Édouard Manet was a French modernist painter. He was one of the first 19th-century artists to paint modern life, as well as a pivotal figure in the transition from Realism to Impressionism.
Known as one of the most controversial artists in his time, Édouard Manet has risen above his detractors to prove his genuine talent that is worthy of emulation.
With several paintings that have inspired young artists during that era, he revealed how innovation is not always welcomed by the society, but it is one’s gateway to the future. Discover the man who have lived through numerous criticisms to bring himself at the pinnacle of is success.
Born in Paris on 23 January 1832, Manet’s family was a wealthy one of lawyers, civil servants, and landowners. Manet’s father, Auguste, was a high court judge while his mother, Eugénie Désirée Fournier, also had high connections.
In 1841 he enrolled at secondary school, the Collège Rollin. In 1845, at the advice of his uncle, Manet enrolled in a special course of drawing where he met Antonin Proust, future Minister of Fine Arts and subsequent lifelong friend.
At his father’s suggestion, in 1848 he sailed on a training vessel to Rio de Janeiro. After he twice failed the examination to join the Navy, his father relented to his wishes to pursue an art education. From 1850 to 1856, Manet studied under the academic painter Thomas Couture. In his spare time, Manet copied the Old Masters in the Louvre.
From 1853 to 1856, Manet visited Germany, Italy, and the Netherlands, during which time he was influenced by the Dutch painter Frans Hals and the Spanish artists Diego Velázquez and Francisco José de Goya.
Back in France again, Manet persuaded his father that he could pursue a career as an artist, and he enrolled in the school of Thomas Couture in 1850. His father was reluctant, having wanted Edouard to study law, but he supported his son through his career, which meant Manet was not obliged to live off his art. Manet was an admirer of past masters like Diego Velázquez and the use of dark backgrounds, flat figures, and sharp opposites of light and shade. In 1853, Manet visited Italy, Germany, the Netherlands, and Belgium to see the great artworks there. He was also impressed with the freedom Dutch and Italian contemporary artists had to paint everyday life. In the 1850s in Europe, Japanese prints became popular and their ‘flatness’, and unexpected cutting of scenes would inspire Manet and others.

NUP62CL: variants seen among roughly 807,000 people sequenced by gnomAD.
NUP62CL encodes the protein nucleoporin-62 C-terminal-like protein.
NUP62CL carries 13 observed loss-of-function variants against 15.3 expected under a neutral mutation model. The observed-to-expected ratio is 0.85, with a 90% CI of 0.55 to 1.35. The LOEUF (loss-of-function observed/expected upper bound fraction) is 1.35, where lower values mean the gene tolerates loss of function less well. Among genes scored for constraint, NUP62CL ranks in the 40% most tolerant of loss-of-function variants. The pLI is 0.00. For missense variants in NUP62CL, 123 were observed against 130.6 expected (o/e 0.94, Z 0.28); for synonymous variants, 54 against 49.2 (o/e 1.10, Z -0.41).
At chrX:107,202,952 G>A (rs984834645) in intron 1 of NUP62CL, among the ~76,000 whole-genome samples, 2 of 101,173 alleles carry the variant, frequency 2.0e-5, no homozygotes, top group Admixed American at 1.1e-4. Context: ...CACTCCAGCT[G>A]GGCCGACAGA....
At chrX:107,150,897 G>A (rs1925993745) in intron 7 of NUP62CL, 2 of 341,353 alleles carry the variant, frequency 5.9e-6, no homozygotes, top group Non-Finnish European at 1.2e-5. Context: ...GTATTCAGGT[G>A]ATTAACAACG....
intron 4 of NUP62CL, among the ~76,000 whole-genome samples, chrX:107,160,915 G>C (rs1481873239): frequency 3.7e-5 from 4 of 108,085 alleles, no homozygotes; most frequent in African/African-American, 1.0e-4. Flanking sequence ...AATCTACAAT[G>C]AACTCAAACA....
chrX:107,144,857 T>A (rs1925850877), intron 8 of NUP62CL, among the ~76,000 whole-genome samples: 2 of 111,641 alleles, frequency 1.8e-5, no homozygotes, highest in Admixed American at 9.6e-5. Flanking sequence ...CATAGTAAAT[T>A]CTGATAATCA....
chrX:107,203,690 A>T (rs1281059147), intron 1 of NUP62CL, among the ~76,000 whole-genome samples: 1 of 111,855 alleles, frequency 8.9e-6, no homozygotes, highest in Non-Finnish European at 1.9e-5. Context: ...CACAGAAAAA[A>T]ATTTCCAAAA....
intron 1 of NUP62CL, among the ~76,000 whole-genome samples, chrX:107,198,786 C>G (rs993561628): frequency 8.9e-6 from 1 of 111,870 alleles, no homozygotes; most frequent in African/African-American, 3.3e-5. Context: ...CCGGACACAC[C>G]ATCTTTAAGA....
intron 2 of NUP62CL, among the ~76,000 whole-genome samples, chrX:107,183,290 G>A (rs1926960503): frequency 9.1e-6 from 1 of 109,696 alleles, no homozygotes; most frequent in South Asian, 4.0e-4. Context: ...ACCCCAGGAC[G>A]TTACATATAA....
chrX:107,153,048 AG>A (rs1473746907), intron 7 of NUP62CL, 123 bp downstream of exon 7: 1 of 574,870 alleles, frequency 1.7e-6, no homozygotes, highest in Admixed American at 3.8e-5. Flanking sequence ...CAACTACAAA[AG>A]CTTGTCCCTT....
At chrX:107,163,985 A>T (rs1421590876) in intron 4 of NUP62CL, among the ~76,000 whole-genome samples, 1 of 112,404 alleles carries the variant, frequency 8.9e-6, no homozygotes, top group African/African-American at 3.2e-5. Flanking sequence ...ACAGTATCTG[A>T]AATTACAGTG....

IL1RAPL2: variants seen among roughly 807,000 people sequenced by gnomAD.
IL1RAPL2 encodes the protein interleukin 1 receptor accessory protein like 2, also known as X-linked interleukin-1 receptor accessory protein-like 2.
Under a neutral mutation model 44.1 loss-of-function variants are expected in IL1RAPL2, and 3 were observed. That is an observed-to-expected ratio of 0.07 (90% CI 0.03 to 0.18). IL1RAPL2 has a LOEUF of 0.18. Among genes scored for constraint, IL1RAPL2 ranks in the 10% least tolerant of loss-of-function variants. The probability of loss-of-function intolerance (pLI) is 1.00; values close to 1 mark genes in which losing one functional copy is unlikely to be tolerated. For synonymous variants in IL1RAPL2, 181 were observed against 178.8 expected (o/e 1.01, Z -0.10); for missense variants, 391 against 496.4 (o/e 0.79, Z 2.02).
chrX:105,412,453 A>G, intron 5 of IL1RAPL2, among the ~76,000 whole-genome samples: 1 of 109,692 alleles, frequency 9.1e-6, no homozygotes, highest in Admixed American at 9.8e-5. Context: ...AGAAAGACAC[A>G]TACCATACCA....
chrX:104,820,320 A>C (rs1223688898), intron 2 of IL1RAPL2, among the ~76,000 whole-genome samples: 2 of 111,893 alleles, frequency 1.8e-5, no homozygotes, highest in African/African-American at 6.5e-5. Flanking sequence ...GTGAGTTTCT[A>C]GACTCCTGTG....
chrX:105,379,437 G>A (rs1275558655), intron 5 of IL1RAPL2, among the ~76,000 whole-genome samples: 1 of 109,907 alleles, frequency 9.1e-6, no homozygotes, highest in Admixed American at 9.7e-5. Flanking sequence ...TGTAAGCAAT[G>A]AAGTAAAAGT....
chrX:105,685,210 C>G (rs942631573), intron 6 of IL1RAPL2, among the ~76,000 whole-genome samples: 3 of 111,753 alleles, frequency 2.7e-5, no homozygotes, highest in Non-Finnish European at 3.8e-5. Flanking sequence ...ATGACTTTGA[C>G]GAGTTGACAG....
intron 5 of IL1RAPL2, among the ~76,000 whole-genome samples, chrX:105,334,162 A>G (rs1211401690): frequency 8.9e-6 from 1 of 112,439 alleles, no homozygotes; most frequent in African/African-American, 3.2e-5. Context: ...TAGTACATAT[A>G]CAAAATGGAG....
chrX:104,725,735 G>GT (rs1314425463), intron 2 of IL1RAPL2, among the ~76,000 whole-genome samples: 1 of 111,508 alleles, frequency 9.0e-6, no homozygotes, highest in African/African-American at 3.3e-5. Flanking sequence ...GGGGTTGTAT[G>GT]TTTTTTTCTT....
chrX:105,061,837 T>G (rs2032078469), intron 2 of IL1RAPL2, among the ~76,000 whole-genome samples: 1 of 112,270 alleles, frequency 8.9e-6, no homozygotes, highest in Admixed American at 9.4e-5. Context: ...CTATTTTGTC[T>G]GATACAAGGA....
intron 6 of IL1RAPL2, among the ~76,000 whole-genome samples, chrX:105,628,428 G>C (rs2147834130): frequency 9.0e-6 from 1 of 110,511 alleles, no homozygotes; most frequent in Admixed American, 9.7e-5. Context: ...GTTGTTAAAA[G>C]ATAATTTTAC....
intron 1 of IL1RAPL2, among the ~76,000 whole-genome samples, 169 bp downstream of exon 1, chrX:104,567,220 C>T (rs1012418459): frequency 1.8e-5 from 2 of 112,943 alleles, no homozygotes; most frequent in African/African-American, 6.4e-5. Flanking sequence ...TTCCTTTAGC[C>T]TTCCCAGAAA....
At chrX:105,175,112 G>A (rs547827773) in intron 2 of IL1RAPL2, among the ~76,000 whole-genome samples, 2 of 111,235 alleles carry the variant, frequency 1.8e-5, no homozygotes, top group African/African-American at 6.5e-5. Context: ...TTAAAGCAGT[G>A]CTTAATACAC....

Manet’s public career lasted from 1861, the year of his first participation in the Salon, until his death in 1883. His known extant works, as catalogued in 1975 by Denis Rouart and Daniel Wildenstein, comprise 430 oil paintings, 89 pastels, and more than 400 works on paper.
He became friends with the Impressionists Edgar Degas, Claude Monet, Pierre-Auguste Renoir, Alfred Sisley, Paul Cezanne, and Camille Pissarro, through another painter, Berthe Morisot, who was a member of the group and drew him into their activities. The grand niece of the painter Jean-Honore Fragonard, Morisot’s paintings first had been accepted in the Salon de Paris in 1864 and she continued to show in the salon for ten years.
He was influenced by the Impressionists, especially Monet and Morisot. Their influence is seen in Manet’s use of lighter colors, but he retained his distinctive use of black, uncharacteristic of Impressionist painting. He painted many outdoor (plein air) pieces, but always returned to what he considered the serious work of the studio.
His early masterworks, The Luncheon on the Grass (Le déjeuner sur l’herbe) and Olympia, both 1863, caused great controversy and served as rallying points for the young painters who would create Impressionism.
During the Franco-German War (1870–71), Manet served as a staff lieutenant in the National Guard and witnessed the siege of Paris.
His last work was called A Bar at the Folies-Bergère, which was displayed at the Salon, in 1882. Prior to that year, he received a special award from the French Government, which was the Légion d’honneur. It was one of the highest form of recognition that he has received throughout his life.
Manet died of untreated syphilis and rheumatism, which he contracted in his forties. The disease caused him considerable pain and partial paralysis from locomotor ataxia in the years prior to his death.
The late Manet painting, Le Printemps (1881), sold to the J. Paul Getty Museum for $65.1 million, setting a new auction record for Manet, exceeding its pre-sale estimate of $25–35 million at Christie’s on 5 November 2014. The previous auction record was held by Self-Portrait With Palette which sold for $33.2 million at Sotheby’s on 22 June 2010.